1, 2015: The Common Loon, Gavia immer,
is a relatively common sight in open water during the winter
months in central Florida. At approximately 9 pounds, with
a 46-inch wingspan and a thick neck and bill, it is an easily
recognized silhouette. The adult non-breeding plumage is
dark grayish head and back with white chin and neck.
The same bird looks very different in northern Wisconsin in the
summer when HRA member, Sue Dodge Donnino, captured the
photo of this striking adult with recently hatched babies.
Sue was kayaking on Muskie Lake in Vilas County when she saw
this family and paddled upwind and then just floated back beside
them. Neither the adult or chicks seemed at all "nervous"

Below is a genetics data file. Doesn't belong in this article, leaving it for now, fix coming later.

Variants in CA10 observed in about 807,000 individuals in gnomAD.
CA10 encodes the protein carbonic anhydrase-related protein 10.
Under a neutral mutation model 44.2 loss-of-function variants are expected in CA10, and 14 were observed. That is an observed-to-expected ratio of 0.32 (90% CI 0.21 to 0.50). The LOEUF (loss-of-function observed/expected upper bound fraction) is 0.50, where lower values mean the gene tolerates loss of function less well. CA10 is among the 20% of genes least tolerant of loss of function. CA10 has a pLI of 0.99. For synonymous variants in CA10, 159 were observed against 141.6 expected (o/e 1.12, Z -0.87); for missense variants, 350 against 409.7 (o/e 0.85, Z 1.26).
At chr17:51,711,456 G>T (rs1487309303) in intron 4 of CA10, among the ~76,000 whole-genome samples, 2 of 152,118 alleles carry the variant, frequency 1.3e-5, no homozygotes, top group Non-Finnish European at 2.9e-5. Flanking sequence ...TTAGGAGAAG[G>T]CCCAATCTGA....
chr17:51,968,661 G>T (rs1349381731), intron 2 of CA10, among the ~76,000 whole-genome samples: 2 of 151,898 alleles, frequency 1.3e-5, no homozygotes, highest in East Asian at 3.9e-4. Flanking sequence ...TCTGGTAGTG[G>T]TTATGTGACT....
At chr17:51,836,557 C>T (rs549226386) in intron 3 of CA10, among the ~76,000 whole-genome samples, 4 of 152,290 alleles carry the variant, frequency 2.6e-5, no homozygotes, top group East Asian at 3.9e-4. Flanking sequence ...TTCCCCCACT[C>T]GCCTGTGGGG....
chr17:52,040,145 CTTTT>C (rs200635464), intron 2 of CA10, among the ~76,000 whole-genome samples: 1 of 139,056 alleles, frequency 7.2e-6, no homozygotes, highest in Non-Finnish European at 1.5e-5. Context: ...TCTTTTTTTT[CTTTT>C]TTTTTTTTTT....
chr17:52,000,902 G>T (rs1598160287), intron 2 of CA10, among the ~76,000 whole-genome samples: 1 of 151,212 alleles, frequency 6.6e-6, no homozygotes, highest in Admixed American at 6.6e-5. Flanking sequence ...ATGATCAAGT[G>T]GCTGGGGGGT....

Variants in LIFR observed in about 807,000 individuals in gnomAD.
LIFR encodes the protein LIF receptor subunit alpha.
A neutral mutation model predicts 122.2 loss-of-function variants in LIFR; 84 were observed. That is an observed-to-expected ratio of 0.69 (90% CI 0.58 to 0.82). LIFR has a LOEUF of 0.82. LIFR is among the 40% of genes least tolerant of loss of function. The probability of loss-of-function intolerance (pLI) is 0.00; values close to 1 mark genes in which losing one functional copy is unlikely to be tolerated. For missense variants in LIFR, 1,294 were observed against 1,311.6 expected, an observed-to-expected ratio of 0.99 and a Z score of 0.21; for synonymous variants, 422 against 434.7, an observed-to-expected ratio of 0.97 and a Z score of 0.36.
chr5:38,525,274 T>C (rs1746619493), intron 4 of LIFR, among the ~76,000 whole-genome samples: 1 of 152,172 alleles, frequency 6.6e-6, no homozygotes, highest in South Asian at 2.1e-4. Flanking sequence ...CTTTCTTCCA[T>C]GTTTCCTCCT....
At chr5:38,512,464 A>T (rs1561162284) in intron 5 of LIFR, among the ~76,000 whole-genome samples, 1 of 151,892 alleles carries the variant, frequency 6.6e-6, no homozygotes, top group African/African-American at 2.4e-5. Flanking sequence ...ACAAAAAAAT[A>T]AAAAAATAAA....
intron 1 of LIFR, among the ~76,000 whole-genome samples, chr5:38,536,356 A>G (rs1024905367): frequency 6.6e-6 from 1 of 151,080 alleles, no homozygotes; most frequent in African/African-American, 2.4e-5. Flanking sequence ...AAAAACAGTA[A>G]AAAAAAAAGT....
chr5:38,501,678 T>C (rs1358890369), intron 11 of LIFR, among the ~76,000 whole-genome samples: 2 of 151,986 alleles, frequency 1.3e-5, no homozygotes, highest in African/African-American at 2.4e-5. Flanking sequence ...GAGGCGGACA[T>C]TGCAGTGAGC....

about Sue being there.
The Common Loon is often considered a symbol of wilderness.
Its yodeling and moaning calls, heard both day and night, are
characteristic sounds in the north woods. Common Loons
select large lakes with a good supply of fish and ample space
for take-off. Their diet consists mostly of small fish and
crustaceans. They forage by diving underwater and
propelling themselves with their large feet. Small fish
are swallowed underwater; larger fish are brought to the surface
and eaten there.
It is believed that Common Loons first breed at age two years.
They claim their territory by flying in circles over their
selected property while loudly calling and yodeling. In
courtship, the couple dip their bills into the water several
times, rear up to a vertical posture with slightly open wings
and race side-by-side on the water. Both male and female
build the nest on an island or near the shore in hidden
vegetation. The female lays 2 eggs and both sexes incubate
for 24-31 days. The hatchlings leave the nest within a day
or two and can dive and swim at day 2 to 3. As noted in
the photo, the young often ride on the back of the adult.
Juveniles are capable of flight at about 10-11 weeks of age.
was gathered from
Lives of North American Birds by Kenn Kaufman.